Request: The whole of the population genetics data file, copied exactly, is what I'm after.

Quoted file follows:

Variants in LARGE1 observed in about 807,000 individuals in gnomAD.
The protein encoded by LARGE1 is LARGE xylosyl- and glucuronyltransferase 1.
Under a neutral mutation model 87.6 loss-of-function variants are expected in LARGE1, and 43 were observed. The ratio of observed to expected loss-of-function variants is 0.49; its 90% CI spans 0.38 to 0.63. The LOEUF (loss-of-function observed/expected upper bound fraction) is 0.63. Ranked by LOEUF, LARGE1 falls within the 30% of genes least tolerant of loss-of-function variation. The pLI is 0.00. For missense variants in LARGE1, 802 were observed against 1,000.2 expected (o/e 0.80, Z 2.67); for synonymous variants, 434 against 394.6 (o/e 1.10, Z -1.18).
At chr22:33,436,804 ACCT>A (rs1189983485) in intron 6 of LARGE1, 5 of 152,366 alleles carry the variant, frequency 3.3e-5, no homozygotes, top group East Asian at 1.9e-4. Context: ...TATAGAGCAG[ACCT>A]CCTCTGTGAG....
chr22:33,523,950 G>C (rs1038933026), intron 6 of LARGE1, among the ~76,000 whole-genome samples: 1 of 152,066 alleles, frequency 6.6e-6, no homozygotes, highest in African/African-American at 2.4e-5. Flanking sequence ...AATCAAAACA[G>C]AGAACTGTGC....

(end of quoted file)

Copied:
Variants in LARGE1 observed in about 807,000 individuals in gnomAD.
The protein encoded by LARGE1 is LARGE xylosyl- and glucuronyltransferase 1.
Under a neutral mutation model 87.6 loss-of-function variants are expected in LARGE1, and 43 were observed. The ratio of observed to expected loss-of-function variants is 0.49; its 90% CI spans 0.38 to 0.63. The LOEUF (loss-of-function observed/expected upper bound fraction) is 0.63. Ranked by LOEUF, LARGE1 falls within the 30% of genes least tolerant of loss-of-function variation. The pLI is 0.00. For missense variants in LARGE1, 802 were observed against 1,000.2 expected (o/e 0.80, Z 2.67); for synonymous variants, 434 against 394.6 (o/e 1.10, Z -1.18).
At chr22:33,436,804 ACCT>A (rs1189983485) in intron 6 of LARGE1, 5 of 152,366 alleles carry the variant, frequency 3.3e-5, no homozygotes, top group East Asian at 1.9e-4. Context: ...TATAGAGCAG[ACCT>A]CCTCTGTGAG....
chr22:33,523,950 G>C (rs1038933026), intron 6 of LARGE1, among the ~76,000 whole-genome samples: 1 of 152,066 alleles, frequency 6.6e-6, no homozygotes, highest in African/African-American at 2.4e-5. Flanking sequence ...AATCAAAACA[G>C]AGAACTGTGC....